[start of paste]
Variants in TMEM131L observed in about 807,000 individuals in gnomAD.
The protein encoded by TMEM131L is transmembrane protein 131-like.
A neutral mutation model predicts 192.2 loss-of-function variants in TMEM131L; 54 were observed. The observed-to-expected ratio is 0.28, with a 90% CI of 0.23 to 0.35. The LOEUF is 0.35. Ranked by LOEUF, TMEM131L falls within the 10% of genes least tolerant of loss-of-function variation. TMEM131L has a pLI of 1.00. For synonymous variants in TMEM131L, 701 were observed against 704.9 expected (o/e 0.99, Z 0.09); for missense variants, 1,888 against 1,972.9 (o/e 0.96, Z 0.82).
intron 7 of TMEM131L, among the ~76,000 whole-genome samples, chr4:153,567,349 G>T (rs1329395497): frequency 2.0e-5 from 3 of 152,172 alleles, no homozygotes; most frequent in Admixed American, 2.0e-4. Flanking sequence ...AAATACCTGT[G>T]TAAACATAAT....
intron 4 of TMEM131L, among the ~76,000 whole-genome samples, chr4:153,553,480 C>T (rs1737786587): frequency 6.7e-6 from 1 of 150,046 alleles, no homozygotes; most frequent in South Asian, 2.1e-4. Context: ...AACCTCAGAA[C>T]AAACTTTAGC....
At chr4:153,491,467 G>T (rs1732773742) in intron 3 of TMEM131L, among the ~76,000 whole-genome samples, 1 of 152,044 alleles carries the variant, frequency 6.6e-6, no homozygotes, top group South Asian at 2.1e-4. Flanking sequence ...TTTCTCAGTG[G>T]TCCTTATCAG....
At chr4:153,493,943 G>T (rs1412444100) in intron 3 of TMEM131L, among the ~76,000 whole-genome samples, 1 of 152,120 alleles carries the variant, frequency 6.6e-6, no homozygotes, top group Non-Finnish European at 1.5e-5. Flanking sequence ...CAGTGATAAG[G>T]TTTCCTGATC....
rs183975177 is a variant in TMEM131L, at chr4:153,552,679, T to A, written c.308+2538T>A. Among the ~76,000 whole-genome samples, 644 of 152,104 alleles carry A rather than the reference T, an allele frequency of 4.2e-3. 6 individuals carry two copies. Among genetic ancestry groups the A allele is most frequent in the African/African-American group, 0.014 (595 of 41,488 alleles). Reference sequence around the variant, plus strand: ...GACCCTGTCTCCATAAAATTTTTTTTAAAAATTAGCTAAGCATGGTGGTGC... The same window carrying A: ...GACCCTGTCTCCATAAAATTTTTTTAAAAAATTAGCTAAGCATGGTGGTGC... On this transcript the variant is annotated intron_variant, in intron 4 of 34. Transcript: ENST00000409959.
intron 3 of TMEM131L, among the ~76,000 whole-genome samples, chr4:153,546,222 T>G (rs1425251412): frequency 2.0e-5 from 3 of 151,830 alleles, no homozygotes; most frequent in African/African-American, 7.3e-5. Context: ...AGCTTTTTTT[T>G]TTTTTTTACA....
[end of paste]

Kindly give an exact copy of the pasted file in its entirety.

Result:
Variants in TMEM131L observed in about 807,000 individuals in gnomAD.
The protein encoded by TMEM131L is transmembrane protein 131-like.
A neutral mutation model predicts 192.2 loss-of-function variants in TMEM131L; 54 were observed. The observed-to-expected ratio is 0.28, with a 90% CI of 0.23 to 0.35. The LOEUF is 0.35. Ranked by LOEUF, TMEM131L falls within the 10% of genes least tolerant of loss-of-function variation. TMEM131L has a pLI of 1.00. For synonymous variants in TMEM131L, 701 were observed against 704.9 expected (o/e 0.99, Z 0.09); for missense variants, 1,888 against 1,972.9 (o/e 0.96, Z 0.82).
intron 7 of TMEM131L, among the ~76,000 whole-genome samples, chr4:153,567,349 G>T (rs1329395497): frequency 2.0e-5 from 3 of 152,172 alleles, no homozygotes; most frequent in Admixed American, 2.0e-4. Flanking sequence ...AAATACCTGT[G>T]TAAACATAAT....
intron 4 of TMEM131L, among the ~76,000 whole-genome samples, chr4:153,553,480 C>T (rs1737786587): frequency 6.7e-6 from 1 of 150,046 alleles, no homozygotes; most frequent in South Asian, 2.1e-4. Context: ...AACCTCAGAA[C>T]AAACTTTAGC....
At chr4:153,491,467 G>T (rs1732773742) in intron 3 of TMEM131L, among the ~76,000 whole-genome samples, 1 of 152,044 alleles carries the variant, frequency 6.6e-6, no homozygotes, top group South Asian at 2.1e-4. Flanking sequence ...TTTCTCAGTG[G>T]TCCTTATCAG....
At chr4:153,493,943 G>T (rs1412444100) in intron 3 of TMEM131L, among the ~76,000 whole-genome samples, 1 of 152,120 alleles carries the variant, frequency 6.6e-6, no homozygotes, top group Non-Finnish European at 1.5e-5. Flanking sequence ...CAGTGATAAG[G>T]TTTCCTGATC....
rs183975177 is a variant in TMEM131L, at chr4:153,552,679, T to A, written c.308+2538T>A. Among the ~76,000 whole-genome samples, 644 of 152,104 alleles carry A rather than the reference T, an allele frequency of 4.2e-3. 6 individuals carry two copies. Among genetic ancestry groups the A allele is most frequent in the African/African-American group, 0.014 (595 of 41,488 alleles). Reference sequence around the variant, plus strand: ...GACCCTGTCTCCATAAAATTTTTTTTAAAAATTAGCTAAGCATGGTGGTGC... The same window carrying A: ...GACCCTGTCTCCATAAAATTTTTTTAAAAAATTAGCTAAGCATGGTGGTGC... On this transcript the variant is annotated intron_variant, in intron 4 of 34. Transcript: ENST00000409959.
intron 3 of TMEM131L, among the ~76,000 whole-genome samples, chr4:153,546,222 T>G (rs1425251412): frequency 2.0e-5 from 3 of 151,830 alleles, no homozygotes; most frequent in African/African-American, 7.3e-5. Context: ...AGCTTTTTTT[T>G]TTTTTTTACA....